Dr. Laura Cole Joins our Faculty
September 23, 2013 § Leave a comment
Our new faculty member, Dr. Laura Cole, recently received her doctoral degree from the University of Michigan and has some great stories to tell about her prior experiences and thoughts of the future.
1. What motivated you to enter the field of design education? What do you find most exciting about teaching design studios?
Since my undergraduate education in interiors, I have always been interested in the social and psychological dimensions of interior design. While I loved working in professional practice, I also found it difficult to nurture my intellectual interests while engrossed in a fast-paced corporate practice. When I returned to school for graduate studies, I found that I had an aptitude and passion for teaching and research. From there, a career in design education was a natural path for me to follow! I love the studio model used in design education because it is the ideal venue for creativity and synthesis of many different kinds of knowledge. We can engage in design activities that are difficult to do in professional practice — from pursuits of extreme creativity to pro bono work for clients who typically cannot afford design services. These are some of the aspects of studio that I find most exciting.
2. What do you feel you can bring to the educational environment from your time with Perkins+Will?
Having worked at Perkins+Will, I have a sense for the qualities that such firms seek in emerging professionals. My assignments and evaluations of students are designed to help students develop and refine those qualities so that they can enter high quality firms post-graduation and thrive once they are there.
3. What message do you hope to convey to your students as an educator here at UNCG?
There are two threads that course through my teaching and research: 1) design is for people, and 2) all aspects of design affect our natural environment. I hope my students leave UNCG with a basic understanding that design affects matters socio-cultural, psychological, and environmental.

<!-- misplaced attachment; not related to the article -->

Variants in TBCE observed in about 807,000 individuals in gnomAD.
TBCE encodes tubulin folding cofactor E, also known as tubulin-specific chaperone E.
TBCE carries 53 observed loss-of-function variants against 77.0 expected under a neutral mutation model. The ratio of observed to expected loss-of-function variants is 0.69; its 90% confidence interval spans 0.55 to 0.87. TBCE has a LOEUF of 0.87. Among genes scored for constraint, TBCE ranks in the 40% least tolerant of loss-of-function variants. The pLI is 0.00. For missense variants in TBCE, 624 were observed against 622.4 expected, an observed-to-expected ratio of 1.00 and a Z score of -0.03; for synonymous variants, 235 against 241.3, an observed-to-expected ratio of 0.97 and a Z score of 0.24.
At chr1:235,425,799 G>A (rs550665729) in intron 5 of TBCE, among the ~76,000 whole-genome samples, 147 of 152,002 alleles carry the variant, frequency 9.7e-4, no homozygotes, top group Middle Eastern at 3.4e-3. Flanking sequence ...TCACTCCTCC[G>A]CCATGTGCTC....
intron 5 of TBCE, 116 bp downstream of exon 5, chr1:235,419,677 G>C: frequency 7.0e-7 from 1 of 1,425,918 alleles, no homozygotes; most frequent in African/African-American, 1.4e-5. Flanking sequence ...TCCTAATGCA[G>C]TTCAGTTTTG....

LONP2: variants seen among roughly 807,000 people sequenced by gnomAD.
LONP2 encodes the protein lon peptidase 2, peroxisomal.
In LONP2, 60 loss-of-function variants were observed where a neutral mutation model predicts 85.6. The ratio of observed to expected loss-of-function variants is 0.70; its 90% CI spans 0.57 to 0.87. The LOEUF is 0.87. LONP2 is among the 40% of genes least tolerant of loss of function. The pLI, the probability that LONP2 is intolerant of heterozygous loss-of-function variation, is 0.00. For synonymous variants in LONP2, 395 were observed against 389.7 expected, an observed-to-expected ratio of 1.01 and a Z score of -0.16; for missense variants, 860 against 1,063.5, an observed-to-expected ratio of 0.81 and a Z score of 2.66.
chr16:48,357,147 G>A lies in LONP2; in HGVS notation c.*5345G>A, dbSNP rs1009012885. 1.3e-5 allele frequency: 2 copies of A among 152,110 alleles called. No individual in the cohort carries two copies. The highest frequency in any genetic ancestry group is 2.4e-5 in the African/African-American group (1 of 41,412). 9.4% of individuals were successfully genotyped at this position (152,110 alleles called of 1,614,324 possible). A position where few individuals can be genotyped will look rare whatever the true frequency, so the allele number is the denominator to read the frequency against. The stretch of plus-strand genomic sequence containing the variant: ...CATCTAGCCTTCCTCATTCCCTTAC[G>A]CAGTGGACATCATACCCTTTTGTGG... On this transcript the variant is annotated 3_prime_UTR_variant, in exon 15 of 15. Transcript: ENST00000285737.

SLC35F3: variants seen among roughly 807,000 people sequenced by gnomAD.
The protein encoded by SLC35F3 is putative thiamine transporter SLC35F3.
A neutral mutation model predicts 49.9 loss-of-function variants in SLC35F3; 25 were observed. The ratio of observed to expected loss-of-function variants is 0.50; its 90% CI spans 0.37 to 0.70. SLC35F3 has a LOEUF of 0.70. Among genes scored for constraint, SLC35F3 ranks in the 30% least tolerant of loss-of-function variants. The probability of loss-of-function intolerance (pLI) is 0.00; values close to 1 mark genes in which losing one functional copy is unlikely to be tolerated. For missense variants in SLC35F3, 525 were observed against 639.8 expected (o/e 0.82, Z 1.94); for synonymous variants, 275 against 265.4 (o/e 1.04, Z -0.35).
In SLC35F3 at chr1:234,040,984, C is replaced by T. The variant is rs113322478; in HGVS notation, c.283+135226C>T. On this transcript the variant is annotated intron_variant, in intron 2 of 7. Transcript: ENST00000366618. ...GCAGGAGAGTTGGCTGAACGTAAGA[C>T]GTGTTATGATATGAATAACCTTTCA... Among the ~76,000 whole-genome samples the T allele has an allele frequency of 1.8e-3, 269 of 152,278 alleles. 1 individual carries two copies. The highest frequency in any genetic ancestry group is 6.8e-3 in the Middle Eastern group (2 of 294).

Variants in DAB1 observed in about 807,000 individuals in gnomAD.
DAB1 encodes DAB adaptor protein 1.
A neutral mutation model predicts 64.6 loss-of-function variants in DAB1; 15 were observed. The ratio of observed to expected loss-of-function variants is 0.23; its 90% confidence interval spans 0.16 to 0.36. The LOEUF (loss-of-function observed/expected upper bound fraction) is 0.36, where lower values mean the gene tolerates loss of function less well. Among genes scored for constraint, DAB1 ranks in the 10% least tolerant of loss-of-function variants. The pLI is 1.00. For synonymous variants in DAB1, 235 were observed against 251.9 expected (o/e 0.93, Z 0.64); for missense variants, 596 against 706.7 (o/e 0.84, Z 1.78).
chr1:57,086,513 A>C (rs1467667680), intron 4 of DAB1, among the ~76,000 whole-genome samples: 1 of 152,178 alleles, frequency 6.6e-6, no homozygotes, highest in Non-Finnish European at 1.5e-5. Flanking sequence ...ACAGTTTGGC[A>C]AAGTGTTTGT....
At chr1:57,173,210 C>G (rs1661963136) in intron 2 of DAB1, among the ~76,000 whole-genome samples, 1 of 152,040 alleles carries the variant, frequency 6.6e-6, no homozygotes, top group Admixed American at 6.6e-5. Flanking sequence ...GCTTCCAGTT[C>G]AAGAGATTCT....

4. How would you describe your design style and approach? Who or what inspires you?
Because my basic philosophy of design incorporate the ideas above, I would describe my approach as place-based. I have a very broad sense of aesthetics that crosses stylistic boundaries, and I am most inspired by authentic designs that are connected to place — and especially in contexts where designers have attempted to address issues of social justice. The late Samuel Mockbee of the Rural Studio is one individual who comes to mind, but there are many others like him.
5. Where do you see the future of architectural education going?
I am very concerned about the future that we seem to be “sleep walking” into, as Howard Kunstler put it. I believe that social and ecological crises over the next decades will shape the landscape of opportunities in all disciplines, and no less in Architecture. As design educators, I believe we have a responsibility to prepare students for future uncertainties. To me, this is more about fostering qualities such as creative thinking and emotional resilience than it is about teaching specific technologies.
Contributed by Paige Hohlt, [4th] year